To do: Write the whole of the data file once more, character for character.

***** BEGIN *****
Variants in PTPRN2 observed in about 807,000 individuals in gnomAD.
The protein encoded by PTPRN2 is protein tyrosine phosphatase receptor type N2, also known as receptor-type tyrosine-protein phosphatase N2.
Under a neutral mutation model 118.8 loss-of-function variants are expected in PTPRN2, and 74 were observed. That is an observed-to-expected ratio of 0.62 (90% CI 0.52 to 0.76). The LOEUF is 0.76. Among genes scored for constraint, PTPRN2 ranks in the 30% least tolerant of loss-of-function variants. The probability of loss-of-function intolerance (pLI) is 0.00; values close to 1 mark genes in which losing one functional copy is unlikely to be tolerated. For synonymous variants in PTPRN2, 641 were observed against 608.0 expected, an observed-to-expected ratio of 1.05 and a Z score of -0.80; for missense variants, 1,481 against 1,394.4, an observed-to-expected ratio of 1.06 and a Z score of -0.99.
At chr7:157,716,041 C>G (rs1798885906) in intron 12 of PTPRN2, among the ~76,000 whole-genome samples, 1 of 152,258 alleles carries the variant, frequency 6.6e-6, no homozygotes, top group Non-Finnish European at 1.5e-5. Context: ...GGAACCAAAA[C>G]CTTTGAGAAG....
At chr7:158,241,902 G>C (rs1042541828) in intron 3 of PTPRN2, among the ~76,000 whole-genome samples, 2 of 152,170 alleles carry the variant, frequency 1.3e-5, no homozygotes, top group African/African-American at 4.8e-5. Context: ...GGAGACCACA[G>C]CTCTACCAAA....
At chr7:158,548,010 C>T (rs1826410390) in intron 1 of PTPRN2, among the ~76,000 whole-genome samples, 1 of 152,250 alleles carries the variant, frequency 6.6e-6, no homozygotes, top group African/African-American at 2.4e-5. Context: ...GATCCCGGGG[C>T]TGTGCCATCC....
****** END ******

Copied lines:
Variants in PTPRN2 observed in about 807,000 individuals in gnomAD.
The protein encoded by PTPRN2 is protein tyrosine phosphatase receptor type N2, also known as receptor-type tyrosine-protein phosphatase N2.
Under a neutral mutation model 118.8 loss-of-function variants are expected in PTPRN2, and 74 were observed. That is an observed-to-expected ratio of 0.62 (90% CI 0.52 to 0.76). The LOEUF is 0.76. Among genes scored for constraint, PTPRN2 ranks in the 30% least tolerant of loss-of-function variants. The probability of loss-of-function intolerance (pLI) is 0.00; values close to 1 mark genes in which losing one functional copy is unlikely to be tolerated. For synonymous variants in PTPRN2, 641 were observed against 608.0 expected, an observed-to-expected ratio of 1.05 and a Z score of -0.80; for missense variants, 1,481 against 1,394.4, an observed-to-expected ratio of 1.06 and a Z score of -0.99.
At chr7:157,716,041 C>G (rs1798885906) in intron 12 of PTPRN2, among the ~76,000 whole-genome samples, 1 of 152,258 alleles carries the variant, frequency 6.6e-6, no homozygotes, top group Non-Finnish European at 1.5e-5. Context: ...GGAACCAAAA[C>G]CTTTGAGAAG....
At chr7:158,241,902 G>C (rs1042541828) in intron 3 of PTPRN2, among the ~76,000 whole-genome samples, 2 of 152,170 alleles carry the variant, frequency 1.3e-5, no homozygotes, top group African/African-American at 4.8e-5. Context: ...GGAGACCACA[G>C]CTCTACCAAA....
At chr7:158,548,010 C>T (rs1826410390) in intron 1 of PTPRN2, among the ~76,000 whole-genome samples, 1 of 152,250 alleles carries the variant, frequency 6.6e-6, no homozygotes, top group African/African-American at 2.4e-5. Context: ...GATCCCGGGG[C>T]TGTGCCATCC....